If Newt Gingrich were to run, not only will his command of the issues be undeniably impressive, but between the unique and numerous ideas he brings to the table, combined with a personality that will surprise many and the ability to reshape his image, he could quickly become an appealing figure to many, including evangelicals and TEA Party energized people.

If Sarah Palin were to run, her ability to campaign in a way that can broaden her base should not be underestimated and given the enthusiastic support that she already has from a loyal base of voters, such an expansion of her base could effect the primaries and caucuses profoundly.

But many other names also have the potential to establish powerfully effective campaigns that can attract the attention and support of any combination of influential wings of the G.O.P.. Texas Governor Rick Perry is building a solid foundation for a possible campaign that highlights states rights which appeals to TEA Party priorities. He has also built a record around anti-abortion measures and other social issues that are attractive to evangelicals and social conservatives. And on economic issues, his tax cuts, spending cuts and jobs record in the Lone Star State, appeal to all wings of the Republican Party.

Indiana’s Mitch Daniel’s is another figure whom could take the Party by storm. His American Heartland appeal and economic prowess will shine brighter than most. The entry of Mississippi’s Haley Barbour could quickly round up a large portion of the G.O.P. inner circle, raise oodles of money, count on many favors owed to him, significantly coalesce Southern support and dilute Huckabee’s Southern strength, while also surprising people with his own strategic abilities and appeal to conservatives in all four corners of the country.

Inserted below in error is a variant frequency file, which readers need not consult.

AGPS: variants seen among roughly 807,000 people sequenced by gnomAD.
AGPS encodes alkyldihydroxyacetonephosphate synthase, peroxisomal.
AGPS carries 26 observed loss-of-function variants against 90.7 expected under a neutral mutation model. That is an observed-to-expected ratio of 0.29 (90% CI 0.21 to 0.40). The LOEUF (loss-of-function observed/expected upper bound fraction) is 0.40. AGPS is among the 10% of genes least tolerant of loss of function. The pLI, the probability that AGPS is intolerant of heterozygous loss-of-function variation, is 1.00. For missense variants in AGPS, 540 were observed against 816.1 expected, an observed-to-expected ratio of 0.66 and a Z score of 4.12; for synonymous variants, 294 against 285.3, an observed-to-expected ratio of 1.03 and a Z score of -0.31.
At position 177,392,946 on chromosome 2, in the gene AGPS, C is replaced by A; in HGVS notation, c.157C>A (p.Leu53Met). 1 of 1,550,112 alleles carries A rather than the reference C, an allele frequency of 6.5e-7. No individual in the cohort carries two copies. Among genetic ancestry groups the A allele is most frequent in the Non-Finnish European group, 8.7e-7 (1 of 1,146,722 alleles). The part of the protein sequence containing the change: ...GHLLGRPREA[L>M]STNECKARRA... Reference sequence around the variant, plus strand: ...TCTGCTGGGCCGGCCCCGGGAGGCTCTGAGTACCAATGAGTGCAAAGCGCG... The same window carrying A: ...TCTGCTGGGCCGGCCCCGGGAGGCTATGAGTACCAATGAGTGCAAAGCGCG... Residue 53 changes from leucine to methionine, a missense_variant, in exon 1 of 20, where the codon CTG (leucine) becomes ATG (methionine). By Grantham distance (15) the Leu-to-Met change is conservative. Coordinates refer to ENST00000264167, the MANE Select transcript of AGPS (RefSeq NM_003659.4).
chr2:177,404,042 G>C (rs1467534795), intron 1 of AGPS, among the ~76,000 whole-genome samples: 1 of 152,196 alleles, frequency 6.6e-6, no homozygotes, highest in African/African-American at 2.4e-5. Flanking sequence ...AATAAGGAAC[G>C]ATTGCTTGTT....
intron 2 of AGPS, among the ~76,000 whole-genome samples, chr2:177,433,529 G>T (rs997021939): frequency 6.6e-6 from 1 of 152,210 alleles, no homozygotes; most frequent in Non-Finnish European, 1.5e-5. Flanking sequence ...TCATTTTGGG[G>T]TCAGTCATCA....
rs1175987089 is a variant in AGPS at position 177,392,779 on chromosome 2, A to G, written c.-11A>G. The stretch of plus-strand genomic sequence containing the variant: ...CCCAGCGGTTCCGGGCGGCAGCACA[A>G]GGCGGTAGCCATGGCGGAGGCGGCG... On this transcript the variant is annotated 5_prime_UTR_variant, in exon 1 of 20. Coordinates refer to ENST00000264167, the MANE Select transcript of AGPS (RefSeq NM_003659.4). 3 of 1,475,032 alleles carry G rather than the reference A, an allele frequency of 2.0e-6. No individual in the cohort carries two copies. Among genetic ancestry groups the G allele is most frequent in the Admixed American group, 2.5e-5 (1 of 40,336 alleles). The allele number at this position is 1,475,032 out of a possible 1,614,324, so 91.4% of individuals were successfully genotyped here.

Senator John Thune of South Dakota will be force to a contend with if he runs. While the addition of his name in to the field may not initially turn the race on its ear, he will quickly gain steam. Then there are other names like Rick Santorum and Mike Pence. All of these names will sharply divide the conservative vote, thereby give people like Tim Pawlenty, as well as Mitt Romney and maybe even Rudy Giuliani a better shot at racking high delegate counts.

And through it all may also be the likes of libertarians Ron Paul and former new Mexico Governor Gary Johnson as well as those dark horse candidates, such as Herman Cain, Michele Bachmann, and maybe even Donald Trump.

Right now, all that we can be sure of is that while some names like Tim Pawlenty, Mitt Romney, Rick Santorum and outsider Fred Karger have all but made their campaigns official, everyone else is watching what each of the other names are doing. And until people like Haley Barbour, Mitch Daniels, John Thune and Sarah Palin, make up their minds, people like Rick Perry, Michele Bachmann, Newt Gingrich, Mike Huckabee, Rudy Giuliani, Jon Huntsman and more, will be waiting to make up their own minds.

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Huckabee To Lead Health Care Repeal Petition Drive

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In what he called, the most massive petition drive in the history of the country. , former Arkansas Governor and 2008 GOP presidential candidate Mike Huckabee called Tuesday for Congress to repeal the health care laws passed last year by the Democrat led House and Senate and signed by President Obama. The repeal process is expected to move forward on Wednesday with the backing of the new Republican majority in the House of Representatives. Democrat Senate majority leader Harry Reid however has vowed to not even bring the House repeal bill to the floor of the Senate for a vote.